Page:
Second in the Finance subcategory is newcomer Taipei, where 77% of respondents are happy with their financial situation and well over one-third (37%) very much so. Moreover, 89% agree that their disposable household income is sufficient or more than sufficient to cover all costs. Taiwan’s capital just about misses the top 3 and places fourth in the Finance & Housing Index.
Expats on a budget should think twice about moving to the cities occupying the bottom 3 of the Finance subcategory. While Vancouver still comes in last, 71st place is occupied by Athens. Nearly three in seven expats in the Greek capital (42%) don’t think that their disposable household income is enough to cover their daily living expenses, and over one-third (34%) are unhappy with their financial situation, 20% even very much so. The housing situation, on the other hand, seems to be quite relaxed in the Greek city: Athens ranks 5th in the Housing subcategory and consequently 26th in the index overall.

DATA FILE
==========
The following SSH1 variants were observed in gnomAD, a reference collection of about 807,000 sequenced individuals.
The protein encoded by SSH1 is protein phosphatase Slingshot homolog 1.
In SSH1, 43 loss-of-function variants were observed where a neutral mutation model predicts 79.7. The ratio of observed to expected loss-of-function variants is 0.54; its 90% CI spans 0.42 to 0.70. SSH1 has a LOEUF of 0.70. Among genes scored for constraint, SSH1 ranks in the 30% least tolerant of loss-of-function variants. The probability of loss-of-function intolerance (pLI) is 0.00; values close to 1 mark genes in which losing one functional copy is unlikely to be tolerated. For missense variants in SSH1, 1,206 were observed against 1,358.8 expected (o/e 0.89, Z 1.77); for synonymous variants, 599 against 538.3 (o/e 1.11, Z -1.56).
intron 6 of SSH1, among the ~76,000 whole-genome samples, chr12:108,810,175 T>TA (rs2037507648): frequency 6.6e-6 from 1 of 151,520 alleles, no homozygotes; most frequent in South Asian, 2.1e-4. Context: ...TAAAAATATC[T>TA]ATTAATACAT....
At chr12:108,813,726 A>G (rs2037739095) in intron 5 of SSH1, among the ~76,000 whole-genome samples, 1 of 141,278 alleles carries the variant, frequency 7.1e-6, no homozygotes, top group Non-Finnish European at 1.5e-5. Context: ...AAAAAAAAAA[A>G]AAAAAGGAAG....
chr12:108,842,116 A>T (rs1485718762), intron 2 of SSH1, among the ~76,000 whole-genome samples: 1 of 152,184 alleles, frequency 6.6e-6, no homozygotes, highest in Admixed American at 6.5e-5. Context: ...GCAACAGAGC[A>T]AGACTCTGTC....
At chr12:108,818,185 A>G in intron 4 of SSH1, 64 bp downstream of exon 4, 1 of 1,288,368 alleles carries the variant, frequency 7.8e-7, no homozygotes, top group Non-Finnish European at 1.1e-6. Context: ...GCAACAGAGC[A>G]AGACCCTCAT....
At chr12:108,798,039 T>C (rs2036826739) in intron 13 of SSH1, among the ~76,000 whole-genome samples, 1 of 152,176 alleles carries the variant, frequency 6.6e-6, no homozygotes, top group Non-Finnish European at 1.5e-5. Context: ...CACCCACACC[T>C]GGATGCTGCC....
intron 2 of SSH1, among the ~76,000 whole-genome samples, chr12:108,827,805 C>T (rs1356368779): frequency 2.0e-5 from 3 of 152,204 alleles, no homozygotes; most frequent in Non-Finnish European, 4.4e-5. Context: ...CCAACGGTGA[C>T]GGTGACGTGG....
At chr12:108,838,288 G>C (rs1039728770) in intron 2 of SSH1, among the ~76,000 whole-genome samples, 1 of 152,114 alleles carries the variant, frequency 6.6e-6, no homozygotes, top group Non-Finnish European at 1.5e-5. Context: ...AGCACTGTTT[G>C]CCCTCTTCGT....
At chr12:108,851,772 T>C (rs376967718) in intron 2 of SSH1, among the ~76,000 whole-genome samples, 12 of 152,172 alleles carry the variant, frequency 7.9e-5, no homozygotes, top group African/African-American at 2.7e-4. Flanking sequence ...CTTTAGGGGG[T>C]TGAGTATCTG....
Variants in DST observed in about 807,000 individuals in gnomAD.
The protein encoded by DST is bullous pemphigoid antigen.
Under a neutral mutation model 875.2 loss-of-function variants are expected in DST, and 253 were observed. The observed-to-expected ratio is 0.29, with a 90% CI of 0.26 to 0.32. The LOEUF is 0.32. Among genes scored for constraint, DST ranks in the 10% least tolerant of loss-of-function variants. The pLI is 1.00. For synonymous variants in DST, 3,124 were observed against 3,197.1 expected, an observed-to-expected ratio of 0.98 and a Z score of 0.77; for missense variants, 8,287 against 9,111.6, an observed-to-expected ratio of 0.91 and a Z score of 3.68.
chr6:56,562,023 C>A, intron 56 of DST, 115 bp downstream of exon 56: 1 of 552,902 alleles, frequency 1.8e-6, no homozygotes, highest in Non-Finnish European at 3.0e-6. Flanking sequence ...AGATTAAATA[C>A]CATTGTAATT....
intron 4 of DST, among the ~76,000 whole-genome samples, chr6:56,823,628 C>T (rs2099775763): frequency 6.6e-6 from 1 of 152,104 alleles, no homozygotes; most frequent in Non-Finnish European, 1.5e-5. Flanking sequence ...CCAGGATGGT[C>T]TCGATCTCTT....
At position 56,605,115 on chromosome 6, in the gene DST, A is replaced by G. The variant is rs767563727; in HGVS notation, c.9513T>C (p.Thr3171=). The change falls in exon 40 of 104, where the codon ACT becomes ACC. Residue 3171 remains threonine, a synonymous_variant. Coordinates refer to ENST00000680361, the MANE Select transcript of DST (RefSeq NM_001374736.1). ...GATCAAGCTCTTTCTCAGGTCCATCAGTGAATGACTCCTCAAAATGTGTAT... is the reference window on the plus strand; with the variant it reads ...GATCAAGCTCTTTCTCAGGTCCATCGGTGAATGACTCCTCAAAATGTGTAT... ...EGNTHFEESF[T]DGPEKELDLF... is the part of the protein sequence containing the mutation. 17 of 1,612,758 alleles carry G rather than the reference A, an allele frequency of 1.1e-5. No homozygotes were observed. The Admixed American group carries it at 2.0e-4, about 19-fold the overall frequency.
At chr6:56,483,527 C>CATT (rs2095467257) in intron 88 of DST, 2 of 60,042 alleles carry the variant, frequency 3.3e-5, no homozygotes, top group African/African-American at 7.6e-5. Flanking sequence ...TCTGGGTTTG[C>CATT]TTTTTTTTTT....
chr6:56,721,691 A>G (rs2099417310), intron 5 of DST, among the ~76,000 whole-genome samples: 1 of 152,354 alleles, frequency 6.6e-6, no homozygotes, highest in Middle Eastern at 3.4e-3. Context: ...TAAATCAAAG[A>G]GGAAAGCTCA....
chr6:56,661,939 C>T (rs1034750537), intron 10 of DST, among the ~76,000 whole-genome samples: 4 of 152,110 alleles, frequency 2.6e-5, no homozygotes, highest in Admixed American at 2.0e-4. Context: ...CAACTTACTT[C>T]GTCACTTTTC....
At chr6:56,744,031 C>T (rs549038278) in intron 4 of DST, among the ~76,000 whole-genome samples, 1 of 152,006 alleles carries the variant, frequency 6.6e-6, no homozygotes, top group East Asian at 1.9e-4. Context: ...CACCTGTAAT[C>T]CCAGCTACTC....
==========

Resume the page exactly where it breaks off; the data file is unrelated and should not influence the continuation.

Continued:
Although Bern still makes it to 47th place for housing, it comes in 70th in the Finance subcategory: 42% are unhappy with their financial situation, and over three in eight respondents (38%) disagree that their disposable household income is enough to cover daily costs. Overall, the Swiss city occupies 60th place in the Finance & Housing Index.
- Financial Times. Vietnam’s Rapid Growth Fuels Ho Chi Minh Property Boom.
- South China Morning Post. Vietnam, with its low property prices, has become a new treasure hunting ground for Hong Kong and China buyers.
- Custom News. Vietnam remains fastest-growing ASEAN economy: Standard Chartered.
- Thailand Property News Bangkok rental market needs “stimulants”.
- The Straits Times. KL much more affordable for rental accommodation, Singapore 8th most expensive.
- The Sun Daily. KL rental drops on rising supply.
- Financial Times. Can “unicorns” save Stockholm’s property market?
- The Local. Here’s how much it costs to rent an apartment in Sweden’s biggest cities.
- GloMo. The immensurable housing dilemma that is Stockholm.
- Expat Insider 2018 — The Best & Worst Cities for Expats in 2018
- Expat Insider 2017 — More Than Making Ends Meet: The Best Cities for Finance and Housing